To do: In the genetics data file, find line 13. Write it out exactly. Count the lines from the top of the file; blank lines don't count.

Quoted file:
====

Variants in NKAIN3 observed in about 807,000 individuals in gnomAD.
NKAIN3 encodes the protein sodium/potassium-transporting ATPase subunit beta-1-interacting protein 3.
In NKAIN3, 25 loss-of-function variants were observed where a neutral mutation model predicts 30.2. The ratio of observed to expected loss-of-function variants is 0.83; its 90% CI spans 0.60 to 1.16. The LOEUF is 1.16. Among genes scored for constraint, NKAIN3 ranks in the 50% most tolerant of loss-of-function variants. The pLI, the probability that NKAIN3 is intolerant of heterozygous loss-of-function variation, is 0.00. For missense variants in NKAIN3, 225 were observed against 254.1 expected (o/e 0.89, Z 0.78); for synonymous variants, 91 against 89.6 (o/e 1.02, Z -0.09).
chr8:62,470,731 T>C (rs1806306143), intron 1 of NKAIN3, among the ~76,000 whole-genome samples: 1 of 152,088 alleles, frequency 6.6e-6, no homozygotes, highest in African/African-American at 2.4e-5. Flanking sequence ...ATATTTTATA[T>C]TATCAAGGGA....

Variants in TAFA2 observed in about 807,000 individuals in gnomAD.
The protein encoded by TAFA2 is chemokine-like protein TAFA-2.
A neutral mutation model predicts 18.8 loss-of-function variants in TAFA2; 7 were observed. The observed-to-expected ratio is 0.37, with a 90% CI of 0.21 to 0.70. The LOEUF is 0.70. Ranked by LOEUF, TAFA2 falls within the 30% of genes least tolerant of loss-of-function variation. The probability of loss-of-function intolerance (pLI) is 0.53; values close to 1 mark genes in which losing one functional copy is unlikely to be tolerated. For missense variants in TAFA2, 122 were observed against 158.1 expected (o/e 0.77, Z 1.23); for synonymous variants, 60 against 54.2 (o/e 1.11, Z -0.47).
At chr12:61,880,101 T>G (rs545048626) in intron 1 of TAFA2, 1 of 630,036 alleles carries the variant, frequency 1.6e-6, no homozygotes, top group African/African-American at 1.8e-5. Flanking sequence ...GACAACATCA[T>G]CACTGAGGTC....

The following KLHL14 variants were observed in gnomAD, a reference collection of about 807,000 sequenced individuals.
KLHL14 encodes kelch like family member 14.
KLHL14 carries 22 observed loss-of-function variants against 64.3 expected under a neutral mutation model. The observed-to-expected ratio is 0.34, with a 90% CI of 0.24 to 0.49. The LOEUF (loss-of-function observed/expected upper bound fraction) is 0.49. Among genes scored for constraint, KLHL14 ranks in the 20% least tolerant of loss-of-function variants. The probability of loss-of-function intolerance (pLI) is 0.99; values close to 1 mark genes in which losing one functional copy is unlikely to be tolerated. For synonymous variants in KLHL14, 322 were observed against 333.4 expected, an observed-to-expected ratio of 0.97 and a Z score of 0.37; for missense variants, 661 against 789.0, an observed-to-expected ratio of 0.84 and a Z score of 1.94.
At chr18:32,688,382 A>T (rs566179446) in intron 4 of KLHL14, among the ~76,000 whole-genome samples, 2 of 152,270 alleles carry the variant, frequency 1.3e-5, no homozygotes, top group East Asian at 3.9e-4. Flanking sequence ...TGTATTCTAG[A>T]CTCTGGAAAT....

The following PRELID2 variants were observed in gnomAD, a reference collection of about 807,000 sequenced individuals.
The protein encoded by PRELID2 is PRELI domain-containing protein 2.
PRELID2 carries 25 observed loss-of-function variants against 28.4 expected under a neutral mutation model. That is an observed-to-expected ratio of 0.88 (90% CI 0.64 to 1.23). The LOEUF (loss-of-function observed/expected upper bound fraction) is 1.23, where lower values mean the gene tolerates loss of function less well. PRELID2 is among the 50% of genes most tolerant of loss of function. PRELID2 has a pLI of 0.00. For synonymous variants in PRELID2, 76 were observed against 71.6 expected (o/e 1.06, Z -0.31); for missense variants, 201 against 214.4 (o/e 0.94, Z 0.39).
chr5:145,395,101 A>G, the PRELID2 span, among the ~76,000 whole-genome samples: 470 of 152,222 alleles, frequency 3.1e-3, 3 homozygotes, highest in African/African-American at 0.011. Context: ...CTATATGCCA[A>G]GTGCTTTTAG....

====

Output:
The following PRELID2 variants were observed in gnomAD, a reference collection of about 807,000 sequenced individuals.